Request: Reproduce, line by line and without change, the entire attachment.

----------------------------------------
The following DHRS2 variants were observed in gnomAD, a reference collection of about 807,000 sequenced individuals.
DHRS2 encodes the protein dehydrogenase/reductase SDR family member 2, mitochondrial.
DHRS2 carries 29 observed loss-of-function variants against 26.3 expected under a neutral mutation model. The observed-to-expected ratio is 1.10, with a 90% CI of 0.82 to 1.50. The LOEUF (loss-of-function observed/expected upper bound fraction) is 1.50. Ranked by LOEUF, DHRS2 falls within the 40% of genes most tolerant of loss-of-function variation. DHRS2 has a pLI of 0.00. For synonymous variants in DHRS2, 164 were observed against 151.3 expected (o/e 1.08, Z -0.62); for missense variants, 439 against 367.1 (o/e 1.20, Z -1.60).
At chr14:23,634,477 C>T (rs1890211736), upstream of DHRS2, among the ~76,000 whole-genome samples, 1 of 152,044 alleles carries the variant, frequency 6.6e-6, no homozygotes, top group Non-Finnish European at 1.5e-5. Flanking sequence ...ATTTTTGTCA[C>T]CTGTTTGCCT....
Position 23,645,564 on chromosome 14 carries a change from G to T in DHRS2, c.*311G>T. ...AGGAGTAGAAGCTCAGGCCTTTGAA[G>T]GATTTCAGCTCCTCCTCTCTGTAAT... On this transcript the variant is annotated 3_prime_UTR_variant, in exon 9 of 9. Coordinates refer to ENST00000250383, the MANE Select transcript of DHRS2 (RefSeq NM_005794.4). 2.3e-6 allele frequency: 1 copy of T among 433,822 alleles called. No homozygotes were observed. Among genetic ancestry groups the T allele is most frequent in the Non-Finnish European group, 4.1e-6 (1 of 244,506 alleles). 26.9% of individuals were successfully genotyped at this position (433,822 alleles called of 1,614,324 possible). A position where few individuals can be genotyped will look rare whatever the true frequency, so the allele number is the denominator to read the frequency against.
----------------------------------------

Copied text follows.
The following DHRS2 variants were observed in gnomAD, a reference collection of about 807,000 sequenced individuals.
DHRS2 encodes the protein dehydrogenase/reductase SDR family member 2, mitochondrial.
DHRS2 carries 29 observed loss-of-function variants against 26.3 expected under a neutral mutation model. The observed-to-expected ratio is 1.10, with a 90% CI of 0.82 to 1.50. The LOEUF (loss-of-function observed/expected upper bound fraction) is 1.50. Ranked by LOEUF, DHRS2 falls within the 40% of genes most tolerant of loss-of-function variation. DHRS2 has a pLI of 0.00. For synonymous variants in DHRS2, 164 were observed against 151.3 expected (o/e 1.08, Z -0.62); for missense variants, 439 against 367.1 (o/e 1.20, Z -1.60).
At chr14:23,634,477 C>T (rs1890211736), upstream of DHRS2, among the ~76,000 whole-genome samples, 1 of 152,044 alleles carries the variant, frequency 6.6e-6, no homozygotes, top group Non-Finnish European at 1.5e-5. Flanking sequence ...ATTTTTGTCA[C>T]CTGTTTGCCT....
Position 23,645,564 on chromosome 14 carries a change from G to T in DHRS2, c.*311G>T. ...AGGAGTAGAAGCTCAGGCCTTTGAA[G>T]GATTTCAGCTCCTCCTCTCTGTAAT... On this transcript the variant is annotated 3_prime_UTR_variant, in exon 9 of 9. Coordinates refer to ENST00000250383, the MANE Select transcript of DHRS2 (RefSeq NM_005794.4). 2.3e-6 allele frequency: 1 copy of T among 433,822 alleles called. No homozygotes were observed. Among genetic ancestry groups the T allele is most frequent in the Non-Finnish European group, 4.1e-6 (1 of 244,506 alleles). 26.9% of individuals were successfully genotyped at this position (433,822 alleles called of 1,614,324 possible). A position where few individuals can be genotyped will look rare whatever the true frequency, so the allele number is the denominator to read the frequency against.